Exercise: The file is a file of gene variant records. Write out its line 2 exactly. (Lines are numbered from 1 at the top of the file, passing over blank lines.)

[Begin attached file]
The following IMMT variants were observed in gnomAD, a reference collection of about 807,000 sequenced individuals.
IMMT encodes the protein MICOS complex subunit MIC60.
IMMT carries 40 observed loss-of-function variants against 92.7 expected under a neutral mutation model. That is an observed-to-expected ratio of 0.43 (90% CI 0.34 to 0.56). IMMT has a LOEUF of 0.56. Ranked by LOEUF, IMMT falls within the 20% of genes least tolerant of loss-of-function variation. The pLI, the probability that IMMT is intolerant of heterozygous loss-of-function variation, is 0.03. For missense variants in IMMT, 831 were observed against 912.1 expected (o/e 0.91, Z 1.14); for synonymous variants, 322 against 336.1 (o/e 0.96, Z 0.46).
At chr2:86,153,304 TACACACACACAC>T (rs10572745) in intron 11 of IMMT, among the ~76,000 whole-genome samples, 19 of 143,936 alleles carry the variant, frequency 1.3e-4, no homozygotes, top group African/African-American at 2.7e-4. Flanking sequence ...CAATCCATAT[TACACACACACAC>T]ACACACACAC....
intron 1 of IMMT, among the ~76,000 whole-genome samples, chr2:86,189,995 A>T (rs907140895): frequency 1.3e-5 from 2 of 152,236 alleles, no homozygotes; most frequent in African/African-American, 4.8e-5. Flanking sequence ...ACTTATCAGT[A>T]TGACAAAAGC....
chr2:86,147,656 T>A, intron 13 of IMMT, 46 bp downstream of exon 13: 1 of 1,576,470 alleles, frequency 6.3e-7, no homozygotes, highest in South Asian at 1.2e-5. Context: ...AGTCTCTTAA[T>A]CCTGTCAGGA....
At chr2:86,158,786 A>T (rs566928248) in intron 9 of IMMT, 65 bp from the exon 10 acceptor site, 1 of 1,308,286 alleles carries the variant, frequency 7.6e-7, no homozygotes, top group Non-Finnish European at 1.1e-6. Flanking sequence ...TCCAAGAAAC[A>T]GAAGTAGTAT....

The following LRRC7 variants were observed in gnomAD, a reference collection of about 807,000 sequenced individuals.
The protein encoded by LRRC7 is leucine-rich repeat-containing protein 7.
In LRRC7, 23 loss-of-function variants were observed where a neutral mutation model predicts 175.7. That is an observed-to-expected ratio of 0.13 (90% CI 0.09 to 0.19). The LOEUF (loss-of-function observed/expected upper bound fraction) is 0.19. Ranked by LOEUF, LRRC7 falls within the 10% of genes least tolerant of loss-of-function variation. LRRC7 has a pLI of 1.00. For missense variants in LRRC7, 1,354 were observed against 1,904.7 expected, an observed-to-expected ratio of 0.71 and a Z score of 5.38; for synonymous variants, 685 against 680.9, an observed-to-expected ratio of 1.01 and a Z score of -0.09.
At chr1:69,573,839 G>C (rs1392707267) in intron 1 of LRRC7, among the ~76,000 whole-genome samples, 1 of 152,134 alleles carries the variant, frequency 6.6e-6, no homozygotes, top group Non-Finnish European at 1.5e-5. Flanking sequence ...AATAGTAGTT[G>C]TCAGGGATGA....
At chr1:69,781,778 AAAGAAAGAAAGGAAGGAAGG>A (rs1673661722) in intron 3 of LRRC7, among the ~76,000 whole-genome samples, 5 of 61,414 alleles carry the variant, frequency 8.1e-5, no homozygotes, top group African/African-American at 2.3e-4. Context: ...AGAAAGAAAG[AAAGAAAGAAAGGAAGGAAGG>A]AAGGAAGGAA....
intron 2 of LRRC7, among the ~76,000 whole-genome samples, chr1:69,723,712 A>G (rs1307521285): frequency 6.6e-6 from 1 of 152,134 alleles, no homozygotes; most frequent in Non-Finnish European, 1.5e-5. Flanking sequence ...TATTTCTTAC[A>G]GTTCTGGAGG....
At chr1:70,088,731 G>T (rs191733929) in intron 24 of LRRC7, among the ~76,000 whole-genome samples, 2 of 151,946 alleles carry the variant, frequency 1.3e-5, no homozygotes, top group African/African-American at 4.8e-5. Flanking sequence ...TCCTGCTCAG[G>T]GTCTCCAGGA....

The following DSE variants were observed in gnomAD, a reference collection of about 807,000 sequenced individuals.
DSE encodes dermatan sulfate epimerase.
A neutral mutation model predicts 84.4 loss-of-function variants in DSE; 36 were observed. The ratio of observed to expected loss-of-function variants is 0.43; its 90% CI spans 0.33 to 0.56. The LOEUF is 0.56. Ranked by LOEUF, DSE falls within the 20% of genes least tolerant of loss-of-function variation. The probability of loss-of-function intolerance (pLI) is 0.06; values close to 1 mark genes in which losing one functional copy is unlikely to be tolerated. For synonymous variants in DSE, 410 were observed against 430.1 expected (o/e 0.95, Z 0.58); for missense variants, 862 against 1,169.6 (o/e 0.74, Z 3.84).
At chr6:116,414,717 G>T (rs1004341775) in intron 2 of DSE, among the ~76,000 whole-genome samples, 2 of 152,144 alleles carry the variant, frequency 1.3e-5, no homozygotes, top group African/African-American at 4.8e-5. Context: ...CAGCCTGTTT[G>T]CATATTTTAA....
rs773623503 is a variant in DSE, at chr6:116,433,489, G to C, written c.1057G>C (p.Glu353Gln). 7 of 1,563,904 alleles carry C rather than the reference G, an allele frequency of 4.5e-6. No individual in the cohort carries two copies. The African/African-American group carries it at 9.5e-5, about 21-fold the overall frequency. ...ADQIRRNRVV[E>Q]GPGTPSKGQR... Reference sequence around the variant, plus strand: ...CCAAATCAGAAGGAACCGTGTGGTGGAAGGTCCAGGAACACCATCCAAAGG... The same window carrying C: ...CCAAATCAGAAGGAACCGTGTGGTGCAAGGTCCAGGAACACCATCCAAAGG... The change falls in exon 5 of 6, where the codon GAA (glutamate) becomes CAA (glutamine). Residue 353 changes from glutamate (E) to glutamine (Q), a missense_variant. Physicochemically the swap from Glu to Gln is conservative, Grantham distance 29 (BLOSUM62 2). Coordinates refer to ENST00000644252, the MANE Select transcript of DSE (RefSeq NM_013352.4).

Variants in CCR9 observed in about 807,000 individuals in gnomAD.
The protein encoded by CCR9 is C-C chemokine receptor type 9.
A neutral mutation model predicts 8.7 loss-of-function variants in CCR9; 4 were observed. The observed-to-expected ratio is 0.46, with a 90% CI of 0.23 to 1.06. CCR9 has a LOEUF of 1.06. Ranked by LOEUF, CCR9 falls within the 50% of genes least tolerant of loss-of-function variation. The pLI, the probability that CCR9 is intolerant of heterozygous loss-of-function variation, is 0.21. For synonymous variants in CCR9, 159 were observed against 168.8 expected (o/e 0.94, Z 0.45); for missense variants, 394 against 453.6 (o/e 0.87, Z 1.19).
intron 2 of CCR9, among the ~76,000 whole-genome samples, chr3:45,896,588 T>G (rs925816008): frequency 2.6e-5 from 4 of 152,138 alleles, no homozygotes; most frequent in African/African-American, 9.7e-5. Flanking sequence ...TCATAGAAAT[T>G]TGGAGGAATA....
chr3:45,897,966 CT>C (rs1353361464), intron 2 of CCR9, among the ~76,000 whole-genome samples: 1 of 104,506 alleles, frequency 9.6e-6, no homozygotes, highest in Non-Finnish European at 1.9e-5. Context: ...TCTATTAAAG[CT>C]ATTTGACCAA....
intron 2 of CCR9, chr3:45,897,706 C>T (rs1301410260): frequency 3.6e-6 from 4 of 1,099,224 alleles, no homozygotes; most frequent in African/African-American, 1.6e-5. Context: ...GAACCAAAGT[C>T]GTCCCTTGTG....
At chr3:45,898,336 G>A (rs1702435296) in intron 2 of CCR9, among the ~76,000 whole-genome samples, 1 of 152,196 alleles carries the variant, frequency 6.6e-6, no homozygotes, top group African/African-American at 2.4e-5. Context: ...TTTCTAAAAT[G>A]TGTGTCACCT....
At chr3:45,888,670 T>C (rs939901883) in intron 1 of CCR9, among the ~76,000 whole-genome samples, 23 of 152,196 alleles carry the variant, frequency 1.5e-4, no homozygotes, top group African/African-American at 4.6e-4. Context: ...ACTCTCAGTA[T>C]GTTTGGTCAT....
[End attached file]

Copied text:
IMMT encodes the protein MICOS complex subunit MIC60.